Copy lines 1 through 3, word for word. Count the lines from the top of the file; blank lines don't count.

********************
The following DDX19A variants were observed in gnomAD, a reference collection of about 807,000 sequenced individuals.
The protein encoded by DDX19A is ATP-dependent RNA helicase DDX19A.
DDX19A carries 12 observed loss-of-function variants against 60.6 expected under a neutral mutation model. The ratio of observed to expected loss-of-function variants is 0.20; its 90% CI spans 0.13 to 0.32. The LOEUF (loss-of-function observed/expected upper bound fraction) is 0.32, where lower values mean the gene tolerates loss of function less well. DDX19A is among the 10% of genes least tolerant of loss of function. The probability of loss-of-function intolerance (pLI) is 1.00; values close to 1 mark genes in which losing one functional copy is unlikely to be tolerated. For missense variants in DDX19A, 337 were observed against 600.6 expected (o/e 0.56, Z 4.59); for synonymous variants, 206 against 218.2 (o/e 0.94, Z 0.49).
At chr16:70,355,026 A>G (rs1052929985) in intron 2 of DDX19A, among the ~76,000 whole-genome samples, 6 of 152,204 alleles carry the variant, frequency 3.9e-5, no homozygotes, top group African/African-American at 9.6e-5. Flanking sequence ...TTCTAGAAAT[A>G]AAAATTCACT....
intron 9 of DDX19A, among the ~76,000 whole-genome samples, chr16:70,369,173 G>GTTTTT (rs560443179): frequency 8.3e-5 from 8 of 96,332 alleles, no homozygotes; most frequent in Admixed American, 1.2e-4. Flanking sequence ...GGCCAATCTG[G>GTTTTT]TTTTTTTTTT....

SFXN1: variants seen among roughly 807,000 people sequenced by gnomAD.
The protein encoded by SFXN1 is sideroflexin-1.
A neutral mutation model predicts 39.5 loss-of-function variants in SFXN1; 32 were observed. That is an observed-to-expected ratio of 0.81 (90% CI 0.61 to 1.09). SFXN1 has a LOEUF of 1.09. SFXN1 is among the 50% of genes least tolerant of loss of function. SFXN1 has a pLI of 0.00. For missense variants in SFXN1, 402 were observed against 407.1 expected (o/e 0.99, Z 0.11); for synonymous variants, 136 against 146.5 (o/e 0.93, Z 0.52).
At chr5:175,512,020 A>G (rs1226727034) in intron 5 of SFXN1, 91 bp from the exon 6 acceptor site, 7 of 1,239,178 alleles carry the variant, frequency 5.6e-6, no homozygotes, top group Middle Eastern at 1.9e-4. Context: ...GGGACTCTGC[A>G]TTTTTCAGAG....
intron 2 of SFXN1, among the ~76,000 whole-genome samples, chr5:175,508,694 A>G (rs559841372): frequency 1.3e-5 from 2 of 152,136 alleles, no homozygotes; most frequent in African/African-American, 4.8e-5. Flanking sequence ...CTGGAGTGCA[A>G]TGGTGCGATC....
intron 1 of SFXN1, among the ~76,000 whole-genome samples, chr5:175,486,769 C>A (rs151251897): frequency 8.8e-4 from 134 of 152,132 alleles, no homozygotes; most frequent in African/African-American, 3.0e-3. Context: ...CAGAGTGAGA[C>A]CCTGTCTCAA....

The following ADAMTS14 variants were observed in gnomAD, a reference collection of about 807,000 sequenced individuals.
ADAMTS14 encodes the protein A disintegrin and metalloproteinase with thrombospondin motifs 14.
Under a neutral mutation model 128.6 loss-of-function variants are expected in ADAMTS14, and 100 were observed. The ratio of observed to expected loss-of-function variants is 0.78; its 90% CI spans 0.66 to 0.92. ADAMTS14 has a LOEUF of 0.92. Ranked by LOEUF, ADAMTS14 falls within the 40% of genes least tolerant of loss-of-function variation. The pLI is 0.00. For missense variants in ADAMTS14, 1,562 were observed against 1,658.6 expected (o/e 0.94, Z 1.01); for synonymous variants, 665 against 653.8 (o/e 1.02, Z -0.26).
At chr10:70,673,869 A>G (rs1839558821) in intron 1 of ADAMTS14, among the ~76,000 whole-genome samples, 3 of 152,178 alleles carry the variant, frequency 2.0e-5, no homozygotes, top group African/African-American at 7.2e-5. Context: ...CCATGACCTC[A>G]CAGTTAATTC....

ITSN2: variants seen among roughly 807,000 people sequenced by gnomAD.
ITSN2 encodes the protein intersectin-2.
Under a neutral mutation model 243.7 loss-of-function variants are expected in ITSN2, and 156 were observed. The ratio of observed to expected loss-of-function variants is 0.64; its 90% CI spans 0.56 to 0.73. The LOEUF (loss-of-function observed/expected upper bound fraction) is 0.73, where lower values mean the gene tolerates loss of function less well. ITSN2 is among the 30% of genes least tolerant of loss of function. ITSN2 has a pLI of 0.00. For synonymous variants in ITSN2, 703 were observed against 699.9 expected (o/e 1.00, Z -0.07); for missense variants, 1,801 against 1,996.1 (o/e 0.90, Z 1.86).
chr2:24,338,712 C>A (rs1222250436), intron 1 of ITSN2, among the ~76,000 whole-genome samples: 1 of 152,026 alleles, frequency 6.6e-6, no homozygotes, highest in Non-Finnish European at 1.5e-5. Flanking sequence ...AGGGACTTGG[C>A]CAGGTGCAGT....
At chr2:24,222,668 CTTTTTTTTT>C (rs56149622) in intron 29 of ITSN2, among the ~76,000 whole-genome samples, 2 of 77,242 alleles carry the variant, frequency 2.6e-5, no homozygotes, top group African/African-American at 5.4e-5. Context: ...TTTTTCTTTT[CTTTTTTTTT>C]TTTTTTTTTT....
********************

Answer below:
The following DDX19A variants were observed in gnomAD, a reference collection of about 807,000 sequenced individuals.
The protein encoded by DDX19A is ATP-dependent RNA helicase DDX19A.
DDX19A carries 12 observed loss-of-function variants against 60.6 expected under a neutral mutation model. The ratio of observed to expected loss-of-function variants is 0.20; its 90% CI spans 0.13 to 0.32. The LOEUF (loss-of-function observed/expected upper bound fraction) is 0.32, where lower values mean the gene tolerates loss of function less well. DDX19A is among the 10% of genes least tolerant of loss of function. The probability of loss-of-function intolerance (pLI) is 1.00; values close to 1 mark genes in which losing one functional copy is unlikely to be tolerated. For missense variants in DDX19A, 337 were observed against 600.6 expected (o/e 0.56, Z 4.59); for synonymous variants, 206 against 218.2 (o/e 0.94, Z 0.49).